“No one is going to America now, that’s for sure!”
A simple statement uttered at the end of Gone Nine Months packs within it a massive punch.
Massive enough to deflate dreams and birth regret, and that is exactly what it was purposed to do and did.
Written and directed by Lola Okusami, and set in 1990s Nigeria, Gone Nine Months is a layered and slowly unraveling short film about a woman’s fight to pursue professional and academic growth, and the friction her ambition creates within her family, specifically with her husband. The character in focus, Agnes Olajuwon (Najite Dede) is a lecturer at the University of Southwestern Nigeria; a career she’s worked hard to build while also tending to her husband and five children. The film opens with the delivery of a long awaited acceptance letter from the French Institute for a one-year postgraduate fellowship in France. Though she wishes the Americans would give her a chance, the French would certainly do. An acceptance letter means she needs to obtain a visa to France, but getting a visa is not her only or most pressing issue. Her husband, Tunde Olajuwon (Olu Euba) is not enthusiastic or supportive of her ambitious pursuit, unfortunately, his lack of support weighs nothing in comparison to the bombshell that is soon to hit her; this obstacle might as well be insurmountable. The roadblocks she has to conquer as a woman and wife may pale in comparison to the roadblock she has to conquer as a mother. Will she be able to overcome this one obstacle?
Gone Nine Months is the battle many African women, if not all women, have to fight to balance life and get a semblance of an identity beyond wife and mother. Agnes fights the battle with external and societal expectations, and with a cold husband whose dominance and power as husband and father are felt throughout the short film. From his younger children scrabbling to get out of the way when he arrives home from work to the countenance of his oldest children shifting from relaxed to unsettled anticipation to his wife, Agnes, slight face twitch from relaxed to docile and anxious, every scene he appears in is tense, mimics his signature grunts and keeps us at the edge of our seat. Although joy is definitely present within the Olajuwon household, it is only between Agnes and her five children, and between the siblings. Gone Nine Months brilliantly portrays a power imbalanced and unsupportive relationship, where he or she may not hit you, but wrecks you nonetheless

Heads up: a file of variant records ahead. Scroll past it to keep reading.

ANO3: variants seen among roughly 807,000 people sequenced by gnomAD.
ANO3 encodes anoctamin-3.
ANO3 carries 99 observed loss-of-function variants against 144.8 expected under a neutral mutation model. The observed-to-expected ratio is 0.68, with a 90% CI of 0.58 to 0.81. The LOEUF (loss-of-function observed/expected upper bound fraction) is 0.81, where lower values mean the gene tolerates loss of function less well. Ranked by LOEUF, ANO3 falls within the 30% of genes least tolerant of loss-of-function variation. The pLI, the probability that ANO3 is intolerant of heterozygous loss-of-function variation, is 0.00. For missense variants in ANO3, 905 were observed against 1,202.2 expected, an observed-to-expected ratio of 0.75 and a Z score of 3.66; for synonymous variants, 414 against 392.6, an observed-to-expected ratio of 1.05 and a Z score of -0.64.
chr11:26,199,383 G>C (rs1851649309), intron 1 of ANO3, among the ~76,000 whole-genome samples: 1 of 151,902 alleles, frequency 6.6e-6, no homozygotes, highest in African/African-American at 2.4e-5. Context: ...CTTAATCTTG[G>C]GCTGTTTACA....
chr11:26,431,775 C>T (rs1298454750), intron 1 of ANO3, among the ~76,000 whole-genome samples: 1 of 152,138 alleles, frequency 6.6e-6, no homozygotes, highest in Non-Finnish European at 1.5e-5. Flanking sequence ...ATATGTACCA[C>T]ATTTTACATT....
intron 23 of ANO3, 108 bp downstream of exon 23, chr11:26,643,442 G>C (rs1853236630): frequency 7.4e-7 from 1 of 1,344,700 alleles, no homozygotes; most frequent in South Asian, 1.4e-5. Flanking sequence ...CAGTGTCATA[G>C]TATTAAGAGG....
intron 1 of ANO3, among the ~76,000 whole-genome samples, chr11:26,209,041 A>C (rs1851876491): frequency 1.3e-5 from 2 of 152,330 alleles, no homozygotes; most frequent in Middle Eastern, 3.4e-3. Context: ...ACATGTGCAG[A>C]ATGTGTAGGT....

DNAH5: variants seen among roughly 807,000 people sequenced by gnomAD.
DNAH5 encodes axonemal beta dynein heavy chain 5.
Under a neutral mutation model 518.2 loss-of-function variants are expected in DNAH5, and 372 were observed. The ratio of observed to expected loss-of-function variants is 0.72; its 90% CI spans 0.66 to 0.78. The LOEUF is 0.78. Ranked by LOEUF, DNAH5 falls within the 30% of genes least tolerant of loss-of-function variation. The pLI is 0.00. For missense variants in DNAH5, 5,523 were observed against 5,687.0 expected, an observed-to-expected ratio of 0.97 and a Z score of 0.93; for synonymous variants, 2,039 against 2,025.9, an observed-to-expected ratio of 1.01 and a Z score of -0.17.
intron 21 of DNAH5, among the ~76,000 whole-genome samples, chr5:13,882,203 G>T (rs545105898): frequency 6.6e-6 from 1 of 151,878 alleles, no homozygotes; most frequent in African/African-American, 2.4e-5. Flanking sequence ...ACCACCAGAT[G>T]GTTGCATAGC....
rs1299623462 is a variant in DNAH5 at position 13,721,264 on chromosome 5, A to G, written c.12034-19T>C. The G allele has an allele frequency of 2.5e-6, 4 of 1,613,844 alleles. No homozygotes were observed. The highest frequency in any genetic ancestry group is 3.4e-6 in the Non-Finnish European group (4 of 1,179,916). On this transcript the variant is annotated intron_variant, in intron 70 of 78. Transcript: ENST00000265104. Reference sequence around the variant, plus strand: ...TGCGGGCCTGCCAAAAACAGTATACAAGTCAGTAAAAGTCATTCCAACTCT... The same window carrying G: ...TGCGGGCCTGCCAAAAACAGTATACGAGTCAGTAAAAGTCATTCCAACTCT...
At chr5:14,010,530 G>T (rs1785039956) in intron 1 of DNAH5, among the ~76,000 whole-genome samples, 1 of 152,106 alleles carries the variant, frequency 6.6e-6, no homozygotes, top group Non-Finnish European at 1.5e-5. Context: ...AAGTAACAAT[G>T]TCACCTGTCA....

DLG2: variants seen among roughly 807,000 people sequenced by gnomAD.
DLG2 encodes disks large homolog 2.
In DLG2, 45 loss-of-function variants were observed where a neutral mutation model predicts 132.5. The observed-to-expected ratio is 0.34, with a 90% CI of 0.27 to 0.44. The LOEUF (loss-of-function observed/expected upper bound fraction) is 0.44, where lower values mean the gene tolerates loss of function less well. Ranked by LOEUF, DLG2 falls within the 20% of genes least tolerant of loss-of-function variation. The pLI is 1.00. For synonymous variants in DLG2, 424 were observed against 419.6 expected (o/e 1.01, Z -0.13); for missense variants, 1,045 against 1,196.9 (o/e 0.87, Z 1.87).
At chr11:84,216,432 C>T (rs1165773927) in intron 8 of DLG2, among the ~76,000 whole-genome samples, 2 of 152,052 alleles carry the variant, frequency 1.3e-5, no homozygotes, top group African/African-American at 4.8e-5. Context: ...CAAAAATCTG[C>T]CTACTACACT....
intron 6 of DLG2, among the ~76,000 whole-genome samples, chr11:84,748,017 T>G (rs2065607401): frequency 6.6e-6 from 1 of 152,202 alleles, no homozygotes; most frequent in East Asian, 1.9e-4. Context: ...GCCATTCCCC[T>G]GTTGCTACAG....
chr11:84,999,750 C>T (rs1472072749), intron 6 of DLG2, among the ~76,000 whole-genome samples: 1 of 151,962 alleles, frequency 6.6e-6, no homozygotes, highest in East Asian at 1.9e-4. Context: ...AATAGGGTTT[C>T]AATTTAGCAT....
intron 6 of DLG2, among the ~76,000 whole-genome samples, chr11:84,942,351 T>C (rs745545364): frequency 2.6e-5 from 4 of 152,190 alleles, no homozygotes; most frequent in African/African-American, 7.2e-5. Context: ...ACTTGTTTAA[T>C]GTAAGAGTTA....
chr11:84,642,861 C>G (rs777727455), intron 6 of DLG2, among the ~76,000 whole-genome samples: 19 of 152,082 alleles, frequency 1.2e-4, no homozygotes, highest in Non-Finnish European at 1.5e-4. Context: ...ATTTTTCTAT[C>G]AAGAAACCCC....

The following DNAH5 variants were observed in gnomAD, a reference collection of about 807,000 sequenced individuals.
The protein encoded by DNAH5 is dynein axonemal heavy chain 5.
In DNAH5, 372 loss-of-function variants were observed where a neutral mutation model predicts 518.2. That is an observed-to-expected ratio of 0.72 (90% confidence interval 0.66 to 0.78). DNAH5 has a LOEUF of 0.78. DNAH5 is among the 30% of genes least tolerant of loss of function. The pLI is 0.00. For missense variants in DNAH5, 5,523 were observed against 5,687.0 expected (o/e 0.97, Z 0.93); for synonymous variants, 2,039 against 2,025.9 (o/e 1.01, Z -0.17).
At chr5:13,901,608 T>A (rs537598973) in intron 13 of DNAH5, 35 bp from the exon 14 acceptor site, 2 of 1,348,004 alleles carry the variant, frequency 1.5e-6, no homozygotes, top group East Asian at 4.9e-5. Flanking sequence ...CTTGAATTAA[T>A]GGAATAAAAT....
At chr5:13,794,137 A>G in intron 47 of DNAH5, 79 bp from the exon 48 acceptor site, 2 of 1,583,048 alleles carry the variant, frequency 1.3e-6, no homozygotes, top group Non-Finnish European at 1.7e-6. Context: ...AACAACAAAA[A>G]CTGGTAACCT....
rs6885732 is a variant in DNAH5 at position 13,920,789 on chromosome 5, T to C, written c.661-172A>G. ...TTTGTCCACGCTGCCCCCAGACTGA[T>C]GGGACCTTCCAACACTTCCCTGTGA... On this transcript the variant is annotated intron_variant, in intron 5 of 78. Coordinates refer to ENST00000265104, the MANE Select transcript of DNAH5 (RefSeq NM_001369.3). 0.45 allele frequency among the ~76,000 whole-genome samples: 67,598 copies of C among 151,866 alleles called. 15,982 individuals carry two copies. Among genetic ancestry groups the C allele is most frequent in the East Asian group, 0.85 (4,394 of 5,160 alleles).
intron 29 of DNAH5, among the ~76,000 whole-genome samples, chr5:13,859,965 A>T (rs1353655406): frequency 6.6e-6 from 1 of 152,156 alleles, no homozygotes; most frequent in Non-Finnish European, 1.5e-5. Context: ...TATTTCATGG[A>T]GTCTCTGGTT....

Caught in the middle of a husband’s expectation and a wife’s desire are five children who are padlocked in literally and figuratively The oldest, Isha (Zoe Favour), is being groomed to be a wife and mother someday. The responsibilities of caring for her siblings when the parents are not home are placed squarely on her shoulders; a role she also embodies at school. All five children are caught in the conflict of their parents’ dreams and expectations, and their own desires to be young and teen. Gone Nine Months introduces us to a seemingly progressive and educated family dealing with the nuances of patriarchy within the boundaries of family life.
I give Gone Nine Months 4 Stars